The master of naturalistic New England fiction returns with a book of four loosely connected short works that showcases his Dreisarian abilities at their most trenchant. In the superb "Listen Carefully as Our Options Have Changed," Mark Welch is a middle-aged project manager who suspects that his wife is having an affair. How he finds out and what he does about it form the core of this novella, which is affecting for all the ways the author shows how difficult it is to accept that sometimes we know the least about those we think we know best. Credit Dubus for taking a hackneyed premise and making it seem new through the specificity of his observations. One shorter work deals with Marla, an overweight bank teller, and the surprising things she discovers about herself after she falls in love for the first time; another follows Robert Doucette, a bartender-cum-poet who cheats on his pregnant wife in a way that has repercussions for their unborn daughter. In The Scarlet Letter-ish title novella, teenage Devon Brandt, after an Internet indiscretion went viral, goes off to live with her great-uncle Francis, a recent widower and Korean War veteran, and develops an online relationship with Hollis, a 27-year-old Army vet. But will she ever be able to escape her past? Once again, Dubus creates deeply flawed characters and challenges the reader to identify with their common humanity. Agent: Philip Spitzer, Philip G. Spitzer Literary Agency. (Oct.) [Page ]. Copyright 2013 PWxyz LLC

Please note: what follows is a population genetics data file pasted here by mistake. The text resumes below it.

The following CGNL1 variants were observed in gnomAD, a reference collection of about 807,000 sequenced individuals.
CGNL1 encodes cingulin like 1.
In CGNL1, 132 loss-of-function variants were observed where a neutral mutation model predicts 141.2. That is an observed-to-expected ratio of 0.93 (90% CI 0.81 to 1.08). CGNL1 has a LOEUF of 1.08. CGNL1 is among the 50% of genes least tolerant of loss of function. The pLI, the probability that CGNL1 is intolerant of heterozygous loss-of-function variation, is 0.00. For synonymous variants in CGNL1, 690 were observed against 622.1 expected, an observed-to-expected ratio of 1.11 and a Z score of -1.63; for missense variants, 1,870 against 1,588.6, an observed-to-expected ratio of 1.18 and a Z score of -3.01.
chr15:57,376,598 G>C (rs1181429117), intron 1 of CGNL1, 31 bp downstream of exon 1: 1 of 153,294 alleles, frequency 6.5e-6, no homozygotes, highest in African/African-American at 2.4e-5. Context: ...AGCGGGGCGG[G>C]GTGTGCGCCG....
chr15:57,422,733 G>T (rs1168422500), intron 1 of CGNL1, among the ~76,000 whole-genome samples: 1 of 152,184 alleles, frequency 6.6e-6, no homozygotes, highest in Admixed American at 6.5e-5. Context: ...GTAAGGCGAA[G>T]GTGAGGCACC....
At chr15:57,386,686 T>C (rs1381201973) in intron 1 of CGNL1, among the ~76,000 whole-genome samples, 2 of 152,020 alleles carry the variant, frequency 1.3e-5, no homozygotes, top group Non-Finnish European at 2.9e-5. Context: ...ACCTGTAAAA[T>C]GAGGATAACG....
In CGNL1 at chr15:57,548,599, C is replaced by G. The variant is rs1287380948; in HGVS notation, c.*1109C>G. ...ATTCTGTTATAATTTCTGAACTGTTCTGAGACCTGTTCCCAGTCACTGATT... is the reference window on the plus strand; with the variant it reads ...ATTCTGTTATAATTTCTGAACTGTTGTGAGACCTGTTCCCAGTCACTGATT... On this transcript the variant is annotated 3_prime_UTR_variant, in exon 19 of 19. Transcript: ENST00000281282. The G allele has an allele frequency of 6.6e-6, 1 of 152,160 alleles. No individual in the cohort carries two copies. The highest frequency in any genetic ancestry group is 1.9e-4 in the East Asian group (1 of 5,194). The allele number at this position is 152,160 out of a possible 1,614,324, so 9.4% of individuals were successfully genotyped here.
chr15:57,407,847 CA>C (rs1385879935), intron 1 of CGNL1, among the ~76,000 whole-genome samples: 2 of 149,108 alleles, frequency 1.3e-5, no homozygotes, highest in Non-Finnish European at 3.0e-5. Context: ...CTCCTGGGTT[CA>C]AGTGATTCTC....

This collection of short stories from the award-winning author of the best-selling House of Sand and Fog examines the lives of suburbanites seeking solace and gratification in food, sex, work and love. 50,000 first printing.Review by Publisher Summary 2
A collection of short stories examines the lives of suburbanites seeking solace and gratification in food, sex, work, and love.Review by Publisher Summary 3
In this heartbreakingly beautiful book of disillusioned intimacy and persistent yearning, beloved and celebrated author Andre Dubus III explores the bottomless needs and stubborn weaknesses of people seeking gratification in food and sex, work and love.Review by Publisher Summary 4
Slivered by happiness and discontent, aging and death, but also persistent hope and forgiveness, these beautifully wrought narratives express extraordinary tenderness toward human beings, our vulnerable hearts and bodies, our fulfilling and unfulfilling lives alone and with others.